Tuesday, July 19, 2016
Donald Trump Jr. attacks teachers in convention speech
Trump and his sister Tiffany humanized a candidate who has made himself into something of a caricature as he bullied his way to the top.
Trump's son made the case for his father as a man who had no tolerance for snobbery and who would restore the greatness of America (assuming that America isn't still great, of course).
While the younger Trump painted a portrait of his father as a friend of the middle class, apparently that middle class does not extend to public school classroom teachers.
This is what Donald Trump Jr. had to say about public education:
The other party gave us public schools that far too often fail our students, as actually those with no options. My siblings and I growing up were truly fortunate to have choices and options that others don't. We want all Americans to have those same opportunities. (Applause)
Our schools used to be an elevator to the middle class. Now they are stalled on the ground floor. For the teachers and administrators and not the students.
You know what other countries do better K-12. They let parents choose to- where to send their children to school. It's called a free market and it's what the other party fears. They fear it because they are more concerned about protecting the jobs of tenured teachers than serving the students in desperate need of a good education. (Applause)
It is not surprising that Trump's remarks were greeted with applause since attacking teachers has become a standard form of entertainment in this country.
Public schools are one of our greatest success stories, though you would never believe it by listening to candidates from either major party. A fake crisis has been created by those who would like to profit from education, people such as the testing industry and those who are selling management of allegedly public charter and online schools. The politicians who glibly talk about restoring education decisions to local school districts are the same ones who are promoting charter and online schools that do not have to open their books to the public and can spend taxpayer money with no accountability.
Our schools do remarkably well for the most part, except for those that are located in areas where crime and poverty are the norm. The public schools are handling more students to whom English is a second language, more students with physical, mental, or behavioral conditions and more students with a nomadic existence who move from one school to the next, never staying long enough to establish any type of educational normalcy.
The people who have been responsible for the successes of public education have been the teachers, many of whom have remained in the classroom despite low pay, poor working conditions, and diminishing respect as they remain under attack from self-serving politicians.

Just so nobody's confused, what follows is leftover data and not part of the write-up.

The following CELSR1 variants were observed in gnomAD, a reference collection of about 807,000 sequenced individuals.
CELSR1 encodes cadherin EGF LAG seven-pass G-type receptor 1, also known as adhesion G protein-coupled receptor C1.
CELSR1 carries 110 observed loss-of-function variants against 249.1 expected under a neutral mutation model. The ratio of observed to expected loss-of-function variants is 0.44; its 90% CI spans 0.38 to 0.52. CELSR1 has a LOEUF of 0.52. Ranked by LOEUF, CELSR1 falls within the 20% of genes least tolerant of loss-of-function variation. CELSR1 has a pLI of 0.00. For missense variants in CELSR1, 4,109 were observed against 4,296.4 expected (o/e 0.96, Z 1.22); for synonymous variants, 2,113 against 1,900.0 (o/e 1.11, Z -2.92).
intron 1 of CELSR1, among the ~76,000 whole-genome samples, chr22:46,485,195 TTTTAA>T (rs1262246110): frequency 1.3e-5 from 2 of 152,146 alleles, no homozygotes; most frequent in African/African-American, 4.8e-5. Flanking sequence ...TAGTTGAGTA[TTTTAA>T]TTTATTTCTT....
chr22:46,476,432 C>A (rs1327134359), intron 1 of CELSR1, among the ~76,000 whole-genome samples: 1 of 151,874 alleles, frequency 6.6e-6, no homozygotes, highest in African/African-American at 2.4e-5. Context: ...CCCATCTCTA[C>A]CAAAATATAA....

It is impossible to imagine an intelligent politician who would ever suggest that the practice of law or brain surgery should be restricted to those who just graduated from college, yet that is exactly what many have endorsed through their continued promotion of Teach for America. In some districts, TFA teachers have been hired at the expense of more experienced teachers. Only in education is experience labeled as a detriment.
I have no problem believing Donald Trump Jr. when he speaks of how his father had him learn the Trump business from the bottom up working under people who did not have degrees from Ivy League schools.
That is certainly admirable.
But as the younger Trump noted, he and his siblings had advantages that others did not have. They attended elite schools. More power to them. You certainly cannot blame Donald Trump for making sure his children had the best possible education.
Selling the idea that you can duplicate that type of education for everyone in this country by following the shortsighted (though highly lucrative) solutions being promoted by so-called "reformers" is perpetrating an act of fraud.
Public schools are still the only educational establishments that welcome everyone through their doors and remain open and accessible to the public.
Many of the politicians who have so harshly criticized teachers and public school systems never attended a public school. It would be nice if people like Donald Trump and Donald Trump Jr would take the time to get to know some public schoolteachers. These are people who often face situations few of us can imagine, with little or no support. These are people who put the children first, despite the cries that if they belong to a teacher union they are out for themselves and no one else.
They certainly do not deserve to be attacked by people who have no idea of the challenges teachers face every day.
The approach that our leaders are taking toward education is already driving talented people away from the teaching ranks. Some have left teaching careers to work elsewhere, while others are steering as far away from a career in education as possible. Someday soon, our nation's classrooms will be filled with hit-and-run teachers who stay long enough to put it on their resume and then move on to some other career.
That would truly be an educational crisis.